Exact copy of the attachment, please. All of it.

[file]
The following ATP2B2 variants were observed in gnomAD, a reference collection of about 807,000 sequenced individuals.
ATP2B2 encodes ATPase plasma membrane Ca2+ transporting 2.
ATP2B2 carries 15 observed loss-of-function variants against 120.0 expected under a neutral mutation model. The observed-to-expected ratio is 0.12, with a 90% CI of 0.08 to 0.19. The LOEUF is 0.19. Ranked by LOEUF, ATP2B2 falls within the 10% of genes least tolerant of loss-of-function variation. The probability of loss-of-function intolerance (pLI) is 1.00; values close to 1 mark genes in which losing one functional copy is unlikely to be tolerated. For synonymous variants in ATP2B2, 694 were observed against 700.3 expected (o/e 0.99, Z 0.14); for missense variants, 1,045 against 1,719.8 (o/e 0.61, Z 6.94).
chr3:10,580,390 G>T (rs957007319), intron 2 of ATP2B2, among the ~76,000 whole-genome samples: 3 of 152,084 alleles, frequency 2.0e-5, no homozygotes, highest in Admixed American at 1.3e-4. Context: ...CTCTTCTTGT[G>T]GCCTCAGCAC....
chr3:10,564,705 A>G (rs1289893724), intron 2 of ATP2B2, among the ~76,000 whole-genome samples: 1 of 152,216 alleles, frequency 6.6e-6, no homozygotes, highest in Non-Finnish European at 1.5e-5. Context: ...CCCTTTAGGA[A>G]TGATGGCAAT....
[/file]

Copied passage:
The following ATP2B2 variants were observed in gnomAD, a reference collection of about 807,000 sequenced individuals.
ATP2B2 encodes ATPase plasma membrane Ca2+ transporting 2.
ATP2B2 carries 15 observed loss-of-function variants against 120.0 expected under a neutral mutation model. The observed-to-expected ratio is 0.12, with a 90% CI of 0.08 to 0.19. The LOEUF is 0.19. Ranked by LOEUF, ATP2B2 falls within the 10% of genes least tolerant of loss-of-function variation. The probability of loss-of-function intolerance (pLI) is 1.00; values close to 1 mark genes in which losing one functional copy is unlikely to be tolerated. For synonymous variants in ATP2B2, 694 were observed against 700.3 expected (o/e 0.99, Z 0.14); for missense variants, 1,045 against 1,719.8 (o/e 0.61, Z 6.94).
chr3:10,580,390 G>T (rs957007319), intron 2 of ATP2B2, among the ~76,000 whole-genome samples: 3 of 152,084 alleles, frequency 2.0e-5, no homozygotes, highest in Admixed American at 1.3e-4. Context: ...CTCTTCTTGT[G>T]GCCTCAGCAC....
chr3:10,564,705 A>G (rs1289893724), intron 2 of ATP2B2, among the ~76,000 whole-genome samples: 1 of 152,216 alleles, frequency 6.6e-6, no homozygotes, highest in Non-Finnish European at 1.5e-5. Context: ...CCCTTTAGGA[A>G]TGATGGCAAT....